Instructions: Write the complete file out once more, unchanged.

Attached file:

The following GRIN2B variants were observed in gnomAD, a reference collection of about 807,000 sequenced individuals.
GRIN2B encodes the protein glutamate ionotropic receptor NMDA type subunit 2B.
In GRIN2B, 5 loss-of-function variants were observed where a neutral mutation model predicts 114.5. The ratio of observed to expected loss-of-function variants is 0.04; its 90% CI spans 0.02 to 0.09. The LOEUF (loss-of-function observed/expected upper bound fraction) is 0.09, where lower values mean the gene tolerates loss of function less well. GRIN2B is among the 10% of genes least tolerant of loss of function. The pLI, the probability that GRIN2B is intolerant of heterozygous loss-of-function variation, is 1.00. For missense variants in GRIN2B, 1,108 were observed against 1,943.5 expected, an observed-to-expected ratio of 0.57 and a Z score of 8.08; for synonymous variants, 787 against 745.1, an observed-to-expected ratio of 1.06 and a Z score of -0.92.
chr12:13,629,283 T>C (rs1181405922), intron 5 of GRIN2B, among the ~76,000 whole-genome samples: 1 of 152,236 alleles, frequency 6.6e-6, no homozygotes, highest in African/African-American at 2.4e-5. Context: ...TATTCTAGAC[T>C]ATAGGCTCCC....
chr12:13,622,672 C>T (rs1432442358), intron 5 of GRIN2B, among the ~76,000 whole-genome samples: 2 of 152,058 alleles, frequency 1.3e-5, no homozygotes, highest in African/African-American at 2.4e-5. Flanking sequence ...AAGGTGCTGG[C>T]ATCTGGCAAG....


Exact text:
The following GRIN2B variants were observed in gnomAD, a reference collection of about 807,000 sequenced individuals.
GRIN2B encodes the protein glutamate ionotropic receptor NMDA type subunit 2B.
In GRIN2B, 5 loss-of-function variants were observed where a neutral mutation model predicts 114.5. The ratio of observed to expected loss-of-function variants is 0.04; its 90% CI spans 0.02 to 0.09. The LOEUF (loss-of-function observed/expected upper bound fraction) is 0.09, where lower values mean the gene tolerates loss of function less well. GRIN2B is among the 10% of genes least tolerant of loss of function. The pLI, the probability that GRIN2B is intolerant of heterozygous loss-of-function variation, is 1.00. For missense variants in GRIN2B, 1,108 were observed against 1,943.5 expected, an observed-to-expected ratio of 0.57 and a Z score of 8.08; for synonymous variants, 787 against 745.1, an observed-to-expected ratio of 1.06 and a Z score of -0.92.
chr12:13,629,283 T>C (rs1181405922), intron 5 of GRIN2B, among the ~76,000 whole-genome samples: 1 of 152,236 alleles, frequency 6.6e-6, no homozygotes, highest in African/African-American at 2.4e-5. Context: ...TATTCTAGAC[T>C]ATAGGCTCCC....
chr12:13,622,672 C>T (rs1432442358), intron 5 of GRIN2B, among the ~76,000 whole-genome samples: 2 of 152,058 alleles, frequency 1.3e-5, no homozygotes, highest in African/African-American at 2.4e-5. Flanking sequence ...AAGGTGCTGG[C>T]ATCTGGCAAG....